The artist

Combining painting and aviation

From 1906 onwards Edmond Astruc exhibited successfully first in Marseilles, then in Avignon and Paris but a few years later, he could not bring himself to complete a large painting representing fishmongers on the Vieux Port of Marseilles. He had heard of the first flight achieved by Wilbur Wright and was really excited by this new adventure.

There must be a reason for this love of painting and aviation . Artists have always wanted to rise above down- to-earth considerations. Even leaving aside Leonardo da Vinci and his admirable drawings of a bird-man, the first aviators Farman and Delagrange were students at the Fine Arts school in Paris.

Towards maturity

Once the First World War was over, after a period of intense activity as a test pilot on aeroplanes and seaplanes, Edmond Astruc divided his time between Marseilles and his small farm of La Favière near Bormes (in the Var county) where he decided to become a peasant-painter and combine painting with vine-growing.

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Astruc was painting on the docks of the port of Marseille.
Photo by Emile Rastoing in June, 1937.

The period of my life associated with aviation had renewed and purified my vision. I was going back to the brightness and transparency of my early years as a painter at the Fine arts school when Alphonse Moutte, the director and teacher of painting, would look at my work and say : "Here’s the painter of spring" or, when I tried to render the smoky atmosphere of the studio : "Here’s the painter of mist".

Astruc was also influenced by the first exhibition of Monticelli at the Cercle Artistique, an influence which was felt by other young Marseilles painters such as Carrera, Bichebé, Agnelli or Mathieu Verdilhan in his first period.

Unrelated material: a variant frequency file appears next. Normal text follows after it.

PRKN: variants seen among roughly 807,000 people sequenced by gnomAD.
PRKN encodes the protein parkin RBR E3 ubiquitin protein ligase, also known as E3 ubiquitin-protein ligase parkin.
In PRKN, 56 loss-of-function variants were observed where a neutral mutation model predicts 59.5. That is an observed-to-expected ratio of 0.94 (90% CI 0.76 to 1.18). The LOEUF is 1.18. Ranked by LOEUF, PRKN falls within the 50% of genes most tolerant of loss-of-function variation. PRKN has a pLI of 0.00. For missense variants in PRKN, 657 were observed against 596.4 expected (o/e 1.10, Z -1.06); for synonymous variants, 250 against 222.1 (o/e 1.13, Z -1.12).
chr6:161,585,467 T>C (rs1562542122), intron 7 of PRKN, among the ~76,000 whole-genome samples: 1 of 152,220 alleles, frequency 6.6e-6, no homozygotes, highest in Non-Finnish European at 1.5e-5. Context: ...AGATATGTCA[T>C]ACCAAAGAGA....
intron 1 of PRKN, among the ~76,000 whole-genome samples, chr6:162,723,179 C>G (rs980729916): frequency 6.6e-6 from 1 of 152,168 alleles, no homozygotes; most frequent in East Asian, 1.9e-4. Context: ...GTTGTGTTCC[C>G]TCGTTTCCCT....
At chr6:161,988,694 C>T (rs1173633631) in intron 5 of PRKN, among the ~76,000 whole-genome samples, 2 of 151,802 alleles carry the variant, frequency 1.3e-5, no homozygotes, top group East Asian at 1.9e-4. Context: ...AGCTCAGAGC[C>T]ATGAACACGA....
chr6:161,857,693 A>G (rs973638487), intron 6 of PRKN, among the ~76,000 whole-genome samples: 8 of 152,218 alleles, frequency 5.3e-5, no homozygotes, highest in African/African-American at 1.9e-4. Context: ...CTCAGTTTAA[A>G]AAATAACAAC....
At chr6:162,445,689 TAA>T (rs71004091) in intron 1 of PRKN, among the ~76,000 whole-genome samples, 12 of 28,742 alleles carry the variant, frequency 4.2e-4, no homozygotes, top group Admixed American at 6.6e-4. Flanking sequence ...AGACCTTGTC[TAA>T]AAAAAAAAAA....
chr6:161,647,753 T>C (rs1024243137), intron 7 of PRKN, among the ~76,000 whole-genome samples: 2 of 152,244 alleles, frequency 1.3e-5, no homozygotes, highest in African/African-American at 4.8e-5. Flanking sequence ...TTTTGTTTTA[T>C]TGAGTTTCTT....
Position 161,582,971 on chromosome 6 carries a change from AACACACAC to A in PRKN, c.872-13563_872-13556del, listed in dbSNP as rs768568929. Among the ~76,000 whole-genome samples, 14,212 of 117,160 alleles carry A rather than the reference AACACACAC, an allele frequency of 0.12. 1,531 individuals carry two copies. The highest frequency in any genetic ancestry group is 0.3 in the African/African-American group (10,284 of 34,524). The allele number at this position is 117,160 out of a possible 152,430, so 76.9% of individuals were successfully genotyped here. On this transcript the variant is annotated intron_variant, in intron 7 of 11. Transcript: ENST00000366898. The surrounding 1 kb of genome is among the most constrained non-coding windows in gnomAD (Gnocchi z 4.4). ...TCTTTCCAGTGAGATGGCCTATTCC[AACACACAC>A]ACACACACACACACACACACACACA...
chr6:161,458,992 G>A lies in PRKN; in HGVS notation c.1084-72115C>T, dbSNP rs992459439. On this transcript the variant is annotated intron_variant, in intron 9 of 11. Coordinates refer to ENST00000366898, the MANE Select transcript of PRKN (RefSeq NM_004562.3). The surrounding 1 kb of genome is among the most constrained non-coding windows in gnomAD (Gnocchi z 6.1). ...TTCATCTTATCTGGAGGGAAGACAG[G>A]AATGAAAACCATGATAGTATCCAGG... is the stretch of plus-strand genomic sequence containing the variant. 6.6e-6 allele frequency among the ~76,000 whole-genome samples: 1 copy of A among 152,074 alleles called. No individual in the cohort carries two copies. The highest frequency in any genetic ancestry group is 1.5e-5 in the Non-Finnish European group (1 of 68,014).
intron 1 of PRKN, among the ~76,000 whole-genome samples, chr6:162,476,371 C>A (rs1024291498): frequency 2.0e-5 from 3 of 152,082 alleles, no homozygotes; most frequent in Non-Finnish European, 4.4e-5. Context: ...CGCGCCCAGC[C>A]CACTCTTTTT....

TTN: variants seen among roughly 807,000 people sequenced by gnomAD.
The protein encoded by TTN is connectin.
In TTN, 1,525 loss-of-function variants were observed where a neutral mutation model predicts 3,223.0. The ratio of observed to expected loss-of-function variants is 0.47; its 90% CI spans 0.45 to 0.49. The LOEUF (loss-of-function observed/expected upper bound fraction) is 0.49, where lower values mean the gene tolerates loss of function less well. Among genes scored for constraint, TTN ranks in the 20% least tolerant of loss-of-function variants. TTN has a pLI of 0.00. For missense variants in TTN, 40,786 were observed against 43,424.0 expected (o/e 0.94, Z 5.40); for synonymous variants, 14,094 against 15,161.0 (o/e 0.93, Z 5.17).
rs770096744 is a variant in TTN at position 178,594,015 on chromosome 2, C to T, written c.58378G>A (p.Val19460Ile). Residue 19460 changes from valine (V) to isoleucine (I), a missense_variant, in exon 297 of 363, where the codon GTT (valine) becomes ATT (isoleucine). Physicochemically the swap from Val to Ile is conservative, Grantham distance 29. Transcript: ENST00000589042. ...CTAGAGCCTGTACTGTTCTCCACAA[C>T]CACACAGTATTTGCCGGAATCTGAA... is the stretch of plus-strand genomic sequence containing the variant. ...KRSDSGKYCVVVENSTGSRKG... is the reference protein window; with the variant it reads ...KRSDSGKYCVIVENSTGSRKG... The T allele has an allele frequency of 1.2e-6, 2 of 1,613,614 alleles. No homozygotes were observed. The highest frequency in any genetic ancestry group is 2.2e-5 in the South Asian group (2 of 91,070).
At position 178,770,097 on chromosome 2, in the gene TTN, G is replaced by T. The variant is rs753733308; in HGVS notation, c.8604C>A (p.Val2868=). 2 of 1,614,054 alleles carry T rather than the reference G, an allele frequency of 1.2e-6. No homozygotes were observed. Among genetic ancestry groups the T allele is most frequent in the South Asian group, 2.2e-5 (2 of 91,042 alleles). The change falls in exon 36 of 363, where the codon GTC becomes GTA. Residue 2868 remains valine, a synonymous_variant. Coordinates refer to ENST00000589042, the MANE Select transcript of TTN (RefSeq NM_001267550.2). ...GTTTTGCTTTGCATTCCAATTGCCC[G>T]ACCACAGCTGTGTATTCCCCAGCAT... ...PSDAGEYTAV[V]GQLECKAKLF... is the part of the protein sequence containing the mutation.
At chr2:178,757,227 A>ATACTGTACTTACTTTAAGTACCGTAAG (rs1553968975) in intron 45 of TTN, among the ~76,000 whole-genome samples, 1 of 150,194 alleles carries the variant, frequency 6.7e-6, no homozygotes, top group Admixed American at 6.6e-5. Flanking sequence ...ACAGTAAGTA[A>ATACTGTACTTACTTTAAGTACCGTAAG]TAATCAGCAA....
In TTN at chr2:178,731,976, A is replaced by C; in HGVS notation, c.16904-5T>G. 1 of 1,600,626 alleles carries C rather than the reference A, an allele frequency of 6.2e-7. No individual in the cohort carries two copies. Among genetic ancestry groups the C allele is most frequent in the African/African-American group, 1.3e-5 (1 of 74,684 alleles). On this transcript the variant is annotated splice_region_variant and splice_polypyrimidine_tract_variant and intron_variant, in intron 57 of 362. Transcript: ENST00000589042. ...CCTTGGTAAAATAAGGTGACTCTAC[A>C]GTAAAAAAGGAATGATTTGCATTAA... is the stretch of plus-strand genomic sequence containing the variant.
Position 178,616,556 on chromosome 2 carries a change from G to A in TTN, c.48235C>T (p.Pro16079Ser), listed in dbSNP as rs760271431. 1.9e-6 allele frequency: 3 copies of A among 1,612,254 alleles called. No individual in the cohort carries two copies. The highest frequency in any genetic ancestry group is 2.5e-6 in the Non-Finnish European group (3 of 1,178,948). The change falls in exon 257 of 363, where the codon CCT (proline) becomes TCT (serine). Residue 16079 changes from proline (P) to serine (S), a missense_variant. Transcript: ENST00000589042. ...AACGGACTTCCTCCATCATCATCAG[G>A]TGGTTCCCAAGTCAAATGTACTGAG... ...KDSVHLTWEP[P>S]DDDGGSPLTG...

I had done my first pictures of Allauch in very warm shades, using rather heavy coats of paint, with less light and atmosphere. Aviation and a direct contact with the wide open spaces of sea and sky and the colder tints of nature liberated me from a manner I now found excessively contrived.

The 1952 retrospective : ’55 years of painting’

Extract from an article by André R. Barutaud in the newspaper ’Le Méridional’ dated Sunday, January 1st 1956 :

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Astruc, in his studio, painting the light of Marseille with a brilliant youth, in a spirit similar to that of Utrillo.
Photo published in the journal "The Meridional" of Sunday, March 20, 1960.

The fist time I met Edmond Astruc was in 1952. A love of art and a vague form of curiosity had drawn me to the Moullot gallery where the veteran of the ’Provençal’ school exhibited ’55 years of painting’. It was an amazing retrospective, gathering over a hundred oils, gouaches and drawings of all periods. The major work was ’La marchande d’eau de mer’ (The sea water seller), an impressive composition representing a scene of the ’Vieux Port’ fifty years earlier, so full of life and typical of Marseilles that it deserves a place in one of our public galleries.

The painting has a long story. Edmond Astruc had given it up, to complete it only several years later. "When I started it", he said later, "the Wright brothers had just achieved their first flight. I was mad about aviation". An irresistible call which was to alter the course of his life.

A continuous evolution

In Astruc’s words again :

Having turned 78 since November 4th, I feel that my vision of beauty has never been so clear and varied. Where formerly I did not see anything more than an ordinary subject, I am now finding beauties which I try to chase out of their hiding-place for everybody to enjoy them in my paintings. About two months ago, I was doing the Place des Capucines when a clergyman hurrying towards the railway station with a suitcase in his hand stopped right in front of my picture and said : "Pardon me interrupting but allow me to congratulate you. Without your painting I should never have seen the beauty of this square which I often walk past." "That is what the painter’s job is about", I replied.